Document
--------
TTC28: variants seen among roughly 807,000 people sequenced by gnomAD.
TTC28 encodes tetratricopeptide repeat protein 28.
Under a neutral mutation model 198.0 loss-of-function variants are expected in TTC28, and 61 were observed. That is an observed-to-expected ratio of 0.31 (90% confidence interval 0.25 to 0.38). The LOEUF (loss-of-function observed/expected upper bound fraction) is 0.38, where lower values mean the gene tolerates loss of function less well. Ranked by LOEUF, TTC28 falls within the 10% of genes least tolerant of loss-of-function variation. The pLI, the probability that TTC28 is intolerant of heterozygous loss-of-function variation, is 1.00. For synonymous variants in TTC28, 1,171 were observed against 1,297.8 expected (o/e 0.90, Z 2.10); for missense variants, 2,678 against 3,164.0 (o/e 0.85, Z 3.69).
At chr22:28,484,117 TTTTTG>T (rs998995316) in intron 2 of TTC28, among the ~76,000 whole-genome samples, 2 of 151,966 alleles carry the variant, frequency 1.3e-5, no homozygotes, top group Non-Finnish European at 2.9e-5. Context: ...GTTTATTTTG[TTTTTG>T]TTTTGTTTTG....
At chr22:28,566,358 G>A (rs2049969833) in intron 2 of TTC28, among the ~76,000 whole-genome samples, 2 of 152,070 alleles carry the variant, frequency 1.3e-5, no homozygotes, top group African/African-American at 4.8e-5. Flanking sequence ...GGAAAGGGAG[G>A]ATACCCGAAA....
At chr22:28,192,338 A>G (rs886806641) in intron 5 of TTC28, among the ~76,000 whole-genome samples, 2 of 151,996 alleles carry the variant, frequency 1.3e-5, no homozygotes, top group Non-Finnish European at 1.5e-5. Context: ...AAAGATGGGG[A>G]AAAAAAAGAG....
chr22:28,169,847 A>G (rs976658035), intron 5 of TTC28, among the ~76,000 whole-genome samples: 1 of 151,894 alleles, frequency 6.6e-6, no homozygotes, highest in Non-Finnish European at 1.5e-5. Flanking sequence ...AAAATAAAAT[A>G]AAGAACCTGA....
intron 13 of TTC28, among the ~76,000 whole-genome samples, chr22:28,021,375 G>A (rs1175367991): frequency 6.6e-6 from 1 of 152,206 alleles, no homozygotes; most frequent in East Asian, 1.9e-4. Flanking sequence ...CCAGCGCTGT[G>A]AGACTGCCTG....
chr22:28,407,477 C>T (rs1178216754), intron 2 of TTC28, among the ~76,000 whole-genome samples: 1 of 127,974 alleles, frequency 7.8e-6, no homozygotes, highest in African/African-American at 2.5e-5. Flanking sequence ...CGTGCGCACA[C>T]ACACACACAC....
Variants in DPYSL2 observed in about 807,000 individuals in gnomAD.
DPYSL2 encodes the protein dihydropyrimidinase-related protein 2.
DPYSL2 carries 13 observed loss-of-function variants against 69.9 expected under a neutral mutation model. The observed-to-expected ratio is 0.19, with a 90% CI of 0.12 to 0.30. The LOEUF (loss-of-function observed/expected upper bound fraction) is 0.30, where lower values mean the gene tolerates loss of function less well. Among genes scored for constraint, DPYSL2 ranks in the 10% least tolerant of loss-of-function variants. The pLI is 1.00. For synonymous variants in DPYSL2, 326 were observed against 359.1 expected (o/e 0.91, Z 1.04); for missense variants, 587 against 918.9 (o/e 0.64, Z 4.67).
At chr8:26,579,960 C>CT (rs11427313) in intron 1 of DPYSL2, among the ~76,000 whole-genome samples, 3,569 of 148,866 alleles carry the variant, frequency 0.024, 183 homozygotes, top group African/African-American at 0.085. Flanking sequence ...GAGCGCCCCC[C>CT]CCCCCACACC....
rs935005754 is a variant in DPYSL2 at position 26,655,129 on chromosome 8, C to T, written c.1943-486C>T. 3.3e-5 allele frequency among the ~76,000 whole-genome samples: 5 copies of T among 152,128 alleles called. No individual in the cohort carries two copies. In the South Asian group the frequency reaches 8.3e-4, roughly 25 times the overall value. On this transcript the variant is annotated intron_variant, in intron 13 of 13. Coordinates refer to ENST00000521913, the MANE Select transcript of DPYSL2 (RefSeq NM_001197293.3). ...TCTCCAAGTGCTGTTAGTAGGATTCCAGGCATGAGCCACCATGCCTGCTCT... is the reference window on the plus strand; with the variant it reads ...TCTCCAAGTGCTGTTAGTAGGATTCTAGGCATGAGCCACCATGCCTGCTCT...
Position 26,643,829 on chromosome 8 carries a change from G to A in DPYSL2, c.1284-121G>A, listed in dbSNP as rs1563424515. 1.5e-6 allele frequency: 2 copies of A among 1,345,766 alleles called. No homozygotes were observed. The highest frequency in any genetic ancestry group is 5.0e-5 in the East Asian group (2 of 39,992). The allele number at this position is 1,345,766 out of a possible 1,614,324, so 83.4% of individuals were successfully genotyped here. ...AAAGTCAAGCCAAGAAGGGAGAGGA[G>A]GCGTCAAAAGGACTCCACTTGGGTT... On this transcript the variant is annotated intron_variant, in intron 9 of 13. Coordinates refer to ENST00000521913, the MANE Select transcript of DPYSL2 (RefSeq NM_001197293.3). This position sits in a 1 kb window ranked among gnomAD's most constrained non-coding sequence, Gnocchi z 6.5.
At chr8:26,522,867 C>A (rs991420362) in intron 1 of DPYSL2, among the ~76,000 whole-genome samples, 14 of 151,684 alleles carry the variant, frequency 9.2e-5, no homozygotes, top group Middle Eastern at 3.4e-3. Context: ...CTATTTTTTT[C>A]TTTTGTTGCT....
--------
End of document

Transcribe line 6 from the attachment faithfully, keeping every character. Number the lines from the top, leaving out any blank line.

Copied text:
At chr22:28,192,338 A>G (rs886806641) in intron 5 of TTC28, among the ~76,000 whole-genome samples, 2 of 151,996 alleles carry the variant, frequency 1.3e-5, no homozygotes, top group Non-Finnish European at 1.5e-5. Context: ...AAAGATGGGG[A>G]AAAAAAAGAG....